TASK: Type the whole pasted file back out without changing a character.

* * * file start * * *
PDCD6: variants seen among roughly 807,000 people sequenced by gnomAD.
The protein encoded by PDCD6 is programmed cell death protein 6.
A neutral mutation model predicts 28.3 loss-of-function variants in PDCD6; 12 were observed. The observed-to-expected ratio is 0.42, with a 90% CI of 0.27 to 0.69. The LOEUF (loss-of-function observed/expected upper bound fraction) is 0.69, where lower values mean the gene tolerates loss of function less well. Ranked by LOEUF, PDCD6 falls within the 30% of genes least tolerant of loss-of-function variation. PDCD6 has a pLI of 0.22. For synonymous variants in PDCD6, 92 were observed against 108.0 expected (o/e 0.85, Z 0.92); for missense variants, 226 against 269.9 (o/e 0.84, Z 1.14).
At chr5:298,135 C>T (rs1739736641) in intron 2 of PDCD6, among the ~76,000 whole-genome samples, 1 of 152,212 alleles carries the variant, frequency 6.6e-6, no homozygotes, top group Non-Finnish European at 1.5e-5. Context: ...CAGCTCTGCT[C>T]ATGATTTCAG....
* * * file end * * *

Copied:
PDCD6: variants seen among roughly 807,000 people sequenced by gnomAD.
The protein encoded by PDCD6 is programmed cell death protein 6.
A neutral mutation model predicts 28.3 loss-of-function variants in PDCD6; 12 were observed. The observed-to-expected ratio is 0.42, with a 90% CI of 0.27 to 0.69. The LOEUF (loss-of-function observed/expected upper bound fraction) is 0.69, where lower values mean the gene tolerates loss of function less well. Ranked by LOEUF, PDCD6 falls within the 30% of genes least tolerant of loss-of-function variation. PDCD6 has a pLI of 0.22. For synonymous variants in PDCD6, 92 were observed against 108.0 expected (o/e 0.85, Z 0.92); for missense variants, 226 against 269.9 (o/e 0.84, Z 1.14).
At chr5:298,135 C>T (rs1739736641) in intron 2 of PDCD6, among the ~76,000 whole-genome samples, 1 of 152,212 alleles carries the variant, frequency 6.6e-6, no homozygotes, top group Non-Finnish European at 1.5e-5. Context: ...CAGCTCTGCT[C>T]ATGATTTCAG....